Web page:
“July 23, 2001 Intelligence: Late Breaking Lab News”

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Chairman and CEO Mark Chandler recently disclosed that researchers within Luminex Corporation are developing new detection capabilities that would permit its LabMap system to “simultaneously perform a broad range of cellular, microbial, and related tests, such as complete blood counts (CBC) and bacterial analysis. The company recently filed an initial patent application covering aspects of this new technology.


LabMAP is a multiplex bioassay testing system currently capable of doing 100 analytes on one specimen. (See TDR, December 21, 1998.) Chandler is apparently eying applications of Luminex technology for routine diagnostic testing, stating that “by performing some of the most common medical tests together in a single sample…these new detection capabilities would open up an additional $8 billion of the current life science market for Luminex’s MAPing technology.”


Tenet Healthcare Corporation may be first to publicly declare that aging baby boomers are finally pushing up demand for healthcare services. The company reported a 33% jump in earnings per share for fiscal fourth quarter ending May 31, 2001. It attributes this strong performance to increased hospital admissions by baby boomers. During the quarter, admissions among patients in the 41-50 year-old cohort increased 8% and 10% among patients aged 51-60 years old.


Tenet’s recognition that aging baby boomers are beginning to drive up admissions rates is a good sign for the clinical laboratory industry. It means that, even as efforts to control test utilization become more wide- spread, population demographics may now be about to fuel a legitimate increase in the demand for lab testing. This bodes well for all classes of laboratory testing providers. Further, Analyst Jeffrey Hoffman at Buckingham Research Group predicts the supply of hospital beds will shrink relative to demand. “…in many markets you no longer have this glut of beds, and in some markets capacity is actually expanding,” he said. It’s expected that stronger demand will allow hospitals to successfully negotiate higher prices from private payers and Medicare. This also would benefit the hospital-based labs.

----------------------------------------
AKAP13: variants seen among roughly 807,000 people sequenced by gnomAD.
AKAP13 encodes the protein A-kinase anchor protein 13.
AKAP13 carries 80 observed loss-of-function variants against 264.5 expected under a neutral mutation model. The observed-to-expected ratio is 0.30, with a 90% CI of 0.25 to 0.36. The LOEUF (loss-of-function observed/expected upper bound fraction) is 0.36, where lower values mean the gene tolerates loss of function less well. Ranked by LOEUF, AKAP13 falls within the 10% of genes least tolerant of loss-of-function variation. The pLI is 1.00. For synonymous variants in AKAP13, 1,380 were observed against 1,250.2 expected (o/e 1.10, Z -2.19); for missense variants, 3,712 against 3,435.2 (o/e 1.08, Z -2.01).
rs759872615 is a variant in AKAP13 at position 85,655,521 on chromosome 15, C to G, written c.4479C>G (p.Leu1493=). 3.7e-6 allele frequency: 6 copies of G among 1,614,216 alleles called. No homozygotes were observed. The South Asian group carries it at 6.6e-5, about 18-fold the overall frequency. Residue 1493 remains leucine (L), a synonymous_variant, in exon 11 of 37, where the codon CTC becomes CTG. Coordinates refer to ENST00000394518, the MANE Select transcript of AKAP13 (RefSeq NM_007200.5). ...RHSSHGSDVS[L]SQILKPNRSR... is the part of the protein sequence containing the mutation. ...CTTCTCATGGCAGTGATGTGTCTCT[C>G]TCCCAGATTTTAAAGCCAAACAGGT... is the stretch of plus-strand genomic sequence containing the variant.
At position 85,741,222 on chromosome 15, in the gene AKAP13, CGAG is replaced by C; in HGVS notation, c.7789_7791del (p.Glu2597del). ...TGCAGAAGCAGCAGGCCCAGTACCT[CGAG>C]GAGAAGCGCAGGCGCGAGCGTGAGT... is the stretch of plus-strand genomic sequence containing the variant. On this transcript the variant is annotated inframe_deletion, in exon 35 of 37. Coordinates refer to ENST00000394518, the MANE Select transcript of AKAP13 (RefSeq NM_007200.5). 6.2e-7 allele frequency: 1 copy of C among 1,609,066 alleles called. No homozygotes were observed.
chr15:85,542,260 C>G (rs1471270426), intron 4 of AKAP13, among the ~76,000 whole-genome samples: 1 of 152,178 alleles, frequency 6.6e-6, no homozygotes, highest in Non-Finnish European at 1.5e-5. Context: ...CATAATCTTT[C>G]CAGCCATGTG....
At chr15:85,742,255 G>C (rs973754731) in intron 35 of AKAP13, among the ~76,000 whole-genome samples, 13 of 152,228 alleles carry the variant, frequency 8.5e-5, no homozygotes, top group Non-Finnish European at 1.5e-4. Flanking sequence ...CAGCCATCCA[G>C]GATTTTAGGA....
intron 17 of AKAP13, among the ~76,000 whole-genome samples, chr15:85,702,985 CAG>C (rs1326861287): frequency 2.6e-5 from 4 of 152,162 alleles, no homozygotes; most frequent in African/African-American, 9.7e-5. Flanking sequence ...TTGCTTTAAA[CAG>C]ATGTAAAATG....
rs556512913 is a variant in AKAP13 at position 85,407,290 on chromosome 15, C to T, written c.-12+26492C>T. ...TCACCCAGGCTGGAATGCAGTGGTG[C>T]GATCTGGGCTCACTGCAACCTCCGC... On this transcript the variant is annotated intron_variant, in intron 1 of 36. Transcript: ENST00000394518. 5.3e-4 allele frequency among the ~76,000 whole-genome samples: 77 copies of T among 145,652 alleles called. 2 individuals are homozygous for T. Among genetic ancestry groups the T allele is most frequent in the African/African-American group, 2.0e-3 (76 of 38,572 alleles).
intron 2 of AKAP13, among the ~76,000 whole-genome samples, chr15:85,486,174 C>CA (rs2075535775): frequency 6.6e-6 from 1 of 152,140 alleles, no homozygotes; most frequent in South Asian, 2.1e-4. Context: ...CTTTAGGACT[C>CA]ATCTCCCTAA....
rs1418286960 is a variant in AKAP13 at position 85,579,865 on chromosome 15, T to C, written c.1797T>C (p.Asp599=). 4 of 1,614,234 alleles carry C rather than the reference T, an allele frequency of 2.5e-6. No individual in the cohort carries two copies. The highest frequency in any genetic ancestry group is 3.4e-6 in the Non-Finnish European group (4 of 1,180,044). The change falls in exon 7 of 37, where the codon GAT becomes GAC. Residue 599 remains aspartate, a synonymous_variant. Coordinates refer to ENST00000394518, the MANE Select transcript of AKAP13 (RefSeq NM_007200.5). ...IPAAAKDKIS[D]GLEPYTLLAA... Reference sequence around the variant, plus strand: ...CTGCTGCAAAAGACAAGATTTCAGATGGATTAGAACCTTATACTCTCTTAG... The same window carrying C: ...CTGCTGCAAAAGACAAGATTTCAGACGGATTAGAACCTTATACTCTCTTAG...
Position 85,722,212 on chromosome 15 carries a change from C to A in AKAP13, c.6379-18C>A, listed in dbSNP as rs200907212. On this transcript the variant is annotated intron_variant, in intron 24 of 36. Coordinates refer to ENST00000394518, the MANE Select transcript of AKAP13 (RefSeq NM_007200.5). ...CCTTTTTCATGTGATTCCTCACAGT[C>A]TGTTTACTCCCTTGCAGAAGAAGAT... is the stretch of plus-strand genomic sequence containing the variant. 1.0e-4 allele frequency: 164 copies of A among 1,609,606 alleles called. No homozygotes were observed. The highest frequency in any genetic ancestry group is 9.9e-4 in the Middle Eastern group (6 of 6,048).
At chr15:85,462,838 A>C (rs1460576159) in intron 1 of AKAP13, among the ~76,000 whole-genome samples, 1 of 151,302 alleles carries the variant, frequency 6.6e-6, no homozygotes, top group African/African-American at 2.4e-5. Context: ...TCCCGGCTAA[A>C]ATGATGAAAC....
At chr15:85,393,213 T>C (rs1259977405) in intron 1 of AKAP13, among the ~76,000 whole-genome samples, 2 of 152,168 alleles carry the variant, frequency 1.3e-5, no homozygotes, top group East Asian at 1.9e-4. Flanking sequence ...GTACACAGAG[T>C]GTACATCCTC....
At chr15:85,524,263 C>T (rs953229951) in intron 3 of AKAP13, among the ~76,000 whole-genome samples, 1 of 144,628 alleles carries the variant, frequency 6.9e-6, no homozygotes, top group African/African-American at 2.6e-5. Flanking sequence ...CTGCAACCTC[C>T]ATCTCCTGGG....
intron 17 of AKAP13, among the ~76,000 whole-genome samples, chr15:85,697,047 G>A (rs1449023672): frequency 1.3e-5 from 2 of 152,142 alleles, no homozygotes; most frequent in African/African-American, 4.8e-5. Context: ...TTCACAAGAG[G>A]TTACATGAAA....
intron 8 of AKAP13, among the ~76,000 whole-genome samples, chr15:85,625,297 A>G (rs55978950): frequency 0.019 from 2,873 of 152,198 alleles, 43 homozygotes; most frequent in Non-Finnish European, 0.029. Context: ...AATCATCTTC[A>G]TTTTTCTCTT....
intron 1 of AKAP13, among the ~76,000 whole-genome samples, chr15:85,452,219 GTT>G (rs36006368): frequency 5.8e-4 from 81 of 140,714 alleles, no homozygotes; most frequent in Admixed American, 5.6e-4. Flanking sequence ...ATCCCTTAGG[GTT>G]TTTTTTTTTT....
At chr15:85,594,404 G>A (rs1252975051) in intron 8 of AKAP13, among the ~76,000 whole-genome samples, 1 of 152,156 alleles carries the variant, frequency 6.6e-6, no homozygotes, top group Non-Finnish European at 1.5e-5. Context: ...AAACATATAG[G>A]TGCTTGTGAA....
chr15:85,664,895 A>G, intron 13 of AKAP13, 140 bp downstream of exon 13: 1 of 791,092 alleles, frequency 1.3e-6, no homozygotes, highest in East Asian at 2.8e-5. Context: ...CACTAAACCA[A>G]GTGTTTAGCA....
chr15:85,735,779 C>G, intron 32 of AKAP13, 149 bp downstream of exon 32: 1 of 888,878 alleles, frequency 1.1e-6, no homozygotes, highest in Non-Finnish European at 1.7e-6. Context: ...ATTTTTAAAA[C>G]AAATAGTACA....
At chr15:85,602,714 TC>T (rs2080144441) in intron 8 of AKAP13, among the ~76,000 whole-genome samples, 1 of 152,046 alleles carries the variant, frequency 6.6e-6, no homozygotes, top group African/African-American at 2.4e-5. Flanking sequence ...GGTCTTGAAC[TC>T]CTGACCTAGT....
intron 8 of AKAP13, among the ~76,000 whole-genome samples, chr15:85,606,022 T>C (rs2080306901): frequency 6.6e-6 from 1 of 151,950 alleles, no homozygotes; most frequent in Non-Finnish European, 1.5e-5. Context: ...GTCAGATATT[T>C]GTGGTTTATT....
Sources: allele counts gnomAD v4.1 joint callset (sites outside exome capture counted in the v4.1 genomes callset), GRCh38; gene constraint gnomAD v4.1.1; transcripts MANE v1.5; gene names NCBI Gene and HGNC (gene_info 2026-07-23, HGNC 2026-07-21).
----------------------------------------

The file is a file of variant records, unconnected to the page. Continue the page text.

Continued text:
A respected name in the independent commercial laboratory industry is disappearing. Associated Pathologists Laboratories (APL) of Las Vegas, Nevada will drop its current name and begin operating as American Medical Laboratories, Inc. (AML) this month. AML acquired APL in 2000. Since the early 1970s, APL has been the dominant laboratory in both Las Vegas and Nevada and is generally recognized as having been one of the better-managed independent commercial labs in the country.


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